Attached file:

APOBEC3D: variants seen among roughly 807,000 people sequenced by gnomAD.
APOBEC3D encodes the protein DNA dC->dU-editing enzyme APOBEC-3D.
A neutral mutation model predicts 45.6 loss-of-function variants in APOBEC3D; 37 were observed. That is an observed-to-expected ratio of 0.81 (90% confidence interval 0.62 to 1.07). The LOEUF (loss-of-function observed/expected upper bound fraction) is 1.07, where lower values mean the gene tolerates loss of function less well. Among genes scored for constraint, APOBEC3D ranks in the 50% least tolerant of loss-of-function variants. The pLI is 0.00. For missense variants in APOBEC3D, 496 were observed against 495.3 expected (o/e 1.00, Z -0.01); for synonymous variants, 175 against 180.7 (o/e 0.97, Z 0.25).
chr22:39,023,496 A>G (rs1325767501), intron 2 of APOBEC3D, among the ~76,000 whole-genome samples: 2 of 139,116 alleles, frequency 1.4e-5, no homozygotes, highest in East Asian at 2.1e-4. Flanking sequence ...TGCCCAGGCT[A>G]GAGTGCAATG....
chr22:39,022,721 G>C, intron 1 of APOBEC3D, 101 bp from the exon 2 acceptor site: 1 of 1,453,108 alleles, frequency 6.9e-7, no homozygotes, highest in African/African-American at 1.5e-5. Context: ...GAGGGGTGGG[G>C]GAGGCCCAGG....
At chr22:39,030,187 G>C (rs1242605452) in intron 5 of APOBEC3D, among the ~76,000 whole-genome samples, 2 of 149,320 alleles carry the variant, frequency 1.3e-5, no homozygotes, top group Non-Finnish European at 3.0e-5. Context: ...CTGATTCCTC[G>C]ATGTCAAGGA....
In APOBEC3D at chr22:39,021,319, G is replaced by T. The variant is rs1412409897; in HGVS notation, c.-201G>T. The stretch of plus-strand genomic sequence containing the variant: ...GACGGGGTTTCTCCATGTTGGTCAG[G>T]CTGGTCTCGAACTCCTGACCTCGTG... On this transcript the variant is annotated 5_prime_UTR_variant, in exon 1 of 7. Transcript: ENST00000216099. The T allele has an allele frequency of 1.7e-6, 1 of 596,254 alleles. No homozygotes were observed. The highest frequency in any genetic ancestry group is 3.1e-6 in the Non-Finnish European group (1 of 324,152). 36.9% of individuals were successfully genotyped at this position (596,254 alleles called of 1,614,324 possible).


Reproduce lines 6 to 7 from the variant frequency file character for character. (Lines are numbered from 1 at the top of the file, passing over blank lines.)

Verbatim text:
At chr22:39,030,187 G>C (rs1242605452) in intron 5 of APOBEC3D, among the ~76,000 whole-genome samples, 2 of 149,320 alleles carry the variant, frequency 1.3e-5, no homozygotes, top group Non-Finnish European at 3.0e-5. Context: ...CTGATTCCTC[G>C]ATGTCAAGGA....
In APOBEC3D at chr22:39,021,319, G is replaced by T. The variant is rs1412409897; in HGVS notation, c.-201G>T. The stretch of plus-strand genomic sequence containing the variant: ...GACGGGGTTTCTCCATGTTGGTCAG[G>T]CTGGTCTCGAACTCCTGACCTCGTG... On this transcript the variant is annotated 5_prime_UTR_variant, in exon 1 of 7. Transcript: ENST00000216099. The T allele has an allele frequency of 1.7e-6, 1 of 596,254 alleles. No homozygotes were observed. The highest frequency in any genetic ancestry group is 3.1e-6 in the Non-Finnish European group (1 of 324,152). 36.9% of individuals were successfully genotyped at this position (596,254 alleles called of 1,614,324 possible).